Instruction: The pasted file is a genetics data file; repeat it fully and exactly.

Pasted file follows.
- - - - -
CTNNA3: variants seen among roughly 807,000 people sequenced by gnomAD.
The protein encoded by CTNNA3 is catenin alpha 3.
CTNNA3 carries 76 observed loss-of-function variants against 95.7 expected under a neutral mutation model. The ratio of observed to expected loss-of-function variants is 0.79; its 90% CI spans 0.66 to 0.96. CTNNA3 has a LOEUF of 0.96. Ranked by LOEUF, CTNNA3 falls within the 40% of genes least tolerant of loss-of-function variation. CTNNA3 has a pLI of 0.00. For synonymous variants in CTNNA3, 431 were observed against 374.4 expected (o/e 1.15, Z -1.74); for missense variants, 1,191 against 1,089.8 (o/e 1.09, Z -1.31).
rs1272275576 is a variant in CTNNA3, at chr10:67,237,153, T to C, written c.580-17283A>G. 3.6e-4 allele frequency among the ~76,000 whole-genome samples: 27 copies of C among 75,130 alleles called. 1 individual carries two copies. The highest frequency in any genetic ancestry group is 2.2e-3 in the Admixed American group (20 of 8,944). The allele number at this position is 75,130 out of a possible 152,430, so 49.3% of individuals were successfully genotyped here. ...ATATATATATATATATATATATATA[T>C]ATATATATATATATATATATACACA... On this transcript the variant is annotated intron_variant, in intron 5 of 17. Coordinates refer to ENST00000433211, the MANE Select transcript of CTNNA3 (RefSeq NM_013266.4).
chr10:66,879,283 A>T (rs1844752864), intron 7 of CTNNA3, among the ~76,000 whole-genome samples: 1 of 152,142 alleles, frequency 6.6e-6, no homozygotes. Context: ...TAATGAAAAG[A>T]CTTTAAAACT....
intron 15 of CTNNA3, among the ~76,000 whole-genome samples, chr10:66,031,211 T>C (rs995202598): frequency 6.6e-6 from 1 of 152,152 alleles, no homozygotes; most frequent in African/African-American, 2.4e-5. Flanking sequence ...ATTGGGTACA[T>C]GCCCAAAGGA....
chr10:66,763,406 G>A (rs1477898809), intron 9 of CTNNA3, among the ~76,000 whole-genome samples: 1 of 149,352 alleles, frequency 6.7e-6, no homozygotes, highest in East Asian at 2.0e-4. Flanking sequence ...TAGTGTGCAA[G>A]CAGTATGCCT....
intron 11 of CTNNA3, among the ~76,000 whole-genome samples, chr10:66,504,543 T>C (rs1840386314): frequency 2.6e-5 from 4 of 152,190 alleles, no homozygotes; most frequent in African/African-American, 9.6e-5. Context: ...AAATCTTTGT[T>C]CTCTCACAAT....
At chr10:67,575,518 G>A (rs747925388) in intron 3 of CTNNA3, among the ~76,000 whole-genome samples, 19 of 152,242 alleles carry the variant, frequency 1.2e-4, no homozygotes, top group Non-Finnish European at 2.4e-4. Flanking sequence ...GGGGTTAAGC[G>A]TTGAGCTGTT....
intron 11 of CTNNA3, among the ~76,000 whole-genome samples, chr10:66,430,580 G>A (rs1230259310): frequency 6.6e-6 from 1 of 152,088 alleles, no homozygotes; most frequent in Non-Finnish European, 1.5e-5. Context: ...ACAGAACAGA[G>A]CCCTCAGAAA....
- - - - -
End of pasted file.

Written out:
CTNNA3: variants seen among roughly 807,000 people sequenced by gnomAD.
The protein encoded by CTNNA3 is catenin alpha 3.
CTNNA3 carries 76 observed loss-of-function variants against 95.7 expected under a neutral mutation model. The ratio of observed to expected loss-of-function variants is 0.79; its 90% CI spans 0.66 to 0.96. CTNNA3 has a LOEUF of 0.96. Ranked by LOEUF, CTNNA3 falls within the 40% of genes least tolerant of loss-of-function variation. CTNNA3 has a pLI of 0.00. For synonymous variants in CTNNA3, 431 were observed against 374.4 expected (o/e 1.15, Z -1.74); for missense variants, 1,191 against 1,089.8 (o/e 1.09, Z -1.31).
rs1272275576 is a variant in CTNNA3, at chr10:67,237,153, T to C, written c.580-17283A>G. 3.6e-4 allele frequency among the ~76,000 whole-genome samples: 27 copies of C among 75,130 alleles called. 1 individual carries two copies. The highest frequency in any genetic ancestry group is 2.2e-3 in the Admixed American group (20 of 8,944). The allele number at this position is 75,130 out of a possible 152,430, so 49.3% of individuals were successfully genotyped here. ...ATATATATATATATATATATATATA[T>C]ATATATATATATATATATATACACA... On this transcript the variant is annotated intron_variant, in intron 5 of 17. Coordinates refer to ENST00000433211, the MANE Select transcript of CTNNA3 (RefSeq NM_013266.4).
chr10:66,879,283 A>T (rs1844752864), intron 7 of CTNNA3, among the ~76,000 whole-genome samples: 1 of 152,142 alleles, frequency 6.6e-6, no homozygotes. Context: ...TAATGAAAAG[A>T]CTTTAAAACT....
intron 15 of CTNNA3, among the ~76,000 whole-genome samples, chr10:66,031,211 T>C (rs995202598): frequency 6.6e-6 from 1 of 152,152 alleles, no homozygotes; most frequent in African/African-American, 2.4e-5. Flanking sequence ...ATTGGGTACA[T>C]GCCCAAAGGA....
chr10:66,763,406 G>A (rs1477898809), intron 9 of CTNNA3, among the ~76,000 whole-genome samples: 1 of 149,352 alleles, frequency 6.7e-6, no homozygotes, highest in East Asian at 2.0e-4. Flanking sequence ...TAGTGTGCAA[G>A]CAGTATGCCT....
intron 11 of CTNNA3, among the ~76,000 whole-genome samples, chr10:66,504,543 T>C (rs1840386314): frequency 2.6e-5 from 4 of 152,190 alleles, no homozygotes; most frequent in African/African-American, 9.6e-5. Context: ...AAATCTTTGT[T>C]CTCTCACAAT....
At chr10:67,575,518 G>A (rs747925388) in intron 3 of CTNNA3, among the ~76,000 whole-genome samples, 19 of 152,242 alleles carry the variant, frequency 1.2e-4, no homozygotes, top group Non-Finnish European at 2.4e-4. Flanking sequence ...GGGGTTAAGC[G>A]TTGAGCTGTT....
intron 11 of CTNNA3, among the ~76,000 whole-genome samples, chr10:66,430,580 G>A (rs1230259310): frequency 6.6e-6 from 1 of 152,088 alleles, no homozygotes; most frequent in Non-Finnish European, 1.5e-5. Context: ...ACAGAACAGA[G>A]CCCTCAGAAA....